Contempt and credibility
THE ULTIMATE legal fate of Seán Quinn will be decided in a court of law, not in the court of public opinion, or on the streets of this country. And the court in discharging its function will follow the rule of law. It will not be swayed by whatever support and sympathy that either he, the Quinn family or its supporters can mobilise in Ballyconnell, or generate farther afield on either side of the Border.
No man is above the law. Whatever local displays of loyalty and solidarity – albeit understandable but nevertheless misplaced – that may be shown for someone who rose rapidly to become one of the country’s most remarkable entrepreneurs, and one of its biggest employers, Mr Quinn now deserves no wider public support. He has shown – and continues to show – an utter and flagrant contempt for the judicial process, a cornerstone of our democracy.
Mr Justice Peter Kelly, who last week granted orders freezing the bank accounts of some Quinn family members, made a telling observation. On the uncontradicted evidence before him, he said that it seemed the Quinns had deliberately created and operated a scheme of mesmeric complexity, reeking of dishonesty. And they had done so to put assets beyond the reach of Irish Bank Resolution Corporation, formerly Anglo-Irish Bank, and to feather their own nests. The judge, who since 2004 has presided over the Commercial Court with great distinction, said he had never seen anything like the conduct in this case.
Mr Quinn, who has already been found guilty of contempt of court has, so far, been spared a prison sentence. His son Seán is serving a jail term for contempt, his nephew, Peter Darragh Quinn, has fled the jurisdiction and remains a fugitive from justice – able to attend Gaelic football matches in the North, but unwilling to face his legal responsibilities in this State. Mr Quinn the elder, who is seen as the family patriarch, now risks compounding his contempt offence by adopting a high public profile, and making far too many ill-advised remarks that further damage his diminished credibility.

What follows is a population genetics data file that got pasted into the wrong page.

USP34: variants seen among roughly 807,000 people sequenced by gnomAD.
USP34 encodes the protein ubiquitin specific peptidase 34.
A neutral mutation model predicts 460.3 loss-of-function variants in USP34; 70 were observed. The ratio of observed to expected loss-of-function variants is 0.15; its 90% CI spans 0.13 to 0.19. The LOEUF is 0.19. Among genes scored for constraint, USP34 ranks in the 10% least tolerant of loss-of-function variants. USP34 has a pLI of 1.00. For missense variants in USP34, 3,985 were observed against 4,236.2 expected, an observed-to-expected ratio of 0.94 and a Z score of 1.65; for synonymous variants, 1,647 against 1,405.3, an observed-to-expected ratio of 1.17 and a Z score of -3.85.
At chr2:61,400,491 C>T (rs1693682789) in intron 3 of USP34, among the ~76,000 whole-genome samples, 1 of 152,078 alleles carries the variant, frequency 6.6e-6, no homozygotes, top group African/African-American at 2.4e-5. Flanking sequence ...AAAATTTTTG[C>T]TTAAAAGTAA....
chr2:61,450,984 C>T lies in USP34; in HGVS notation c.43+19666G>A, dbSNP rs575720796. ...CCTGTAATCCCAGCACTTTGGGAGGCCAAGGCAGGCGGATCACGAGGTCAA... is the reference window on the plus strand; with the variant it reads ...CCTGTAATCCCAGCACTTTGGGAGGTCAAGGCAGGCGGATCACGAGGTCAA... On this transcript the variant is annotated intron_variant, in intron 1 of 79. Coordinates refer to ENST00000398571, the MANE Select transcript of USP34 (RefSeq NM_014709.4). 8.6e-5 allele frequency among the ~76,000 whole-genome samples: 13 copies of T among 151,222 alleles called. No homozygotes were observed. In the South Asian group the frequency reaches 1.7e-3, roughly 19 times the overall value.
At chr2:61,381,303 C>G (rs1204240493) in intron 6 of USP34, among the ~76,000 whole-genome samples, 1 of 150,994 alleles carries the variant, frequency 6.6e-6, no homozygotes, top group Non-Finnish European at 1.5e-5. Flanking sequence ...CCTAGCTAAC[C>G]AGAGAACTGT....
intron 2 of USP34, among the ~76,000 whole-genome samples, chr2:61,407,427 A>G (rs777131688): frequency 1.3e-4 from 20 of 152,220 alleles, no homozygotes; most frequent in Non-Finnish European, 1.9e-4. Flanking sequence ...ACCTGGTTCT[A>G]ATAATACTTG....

No one can take pleasure in his misfortune. His overnight fall from billionaire – and one of Ireland’s richest men – to bankrupt businessman is a personal tragedy. It is also, given the financial sums at stake, the jobs lost, and the business reputations damaged, a major national setback. Mr Quinn’s bluff and bluster attempts to convince a sceptical public that he is more sinned against than sinning have failed to impress. He has sought to cultivate a sense of victimhood in order to exonerate himself and to blame others for mistakes and misjudgments of his own making. In doing so he has managed to sound like a fool while acting like a knave.There can only be one winner in all this. And from what we have seen so far, it will not be Mr Quinn. Speaking truth to power can require moral courage.
Speaking truth to Mr Quinn is the best service that his friends who hold his best interests at heart – not least those in the GAA – can and should now provide.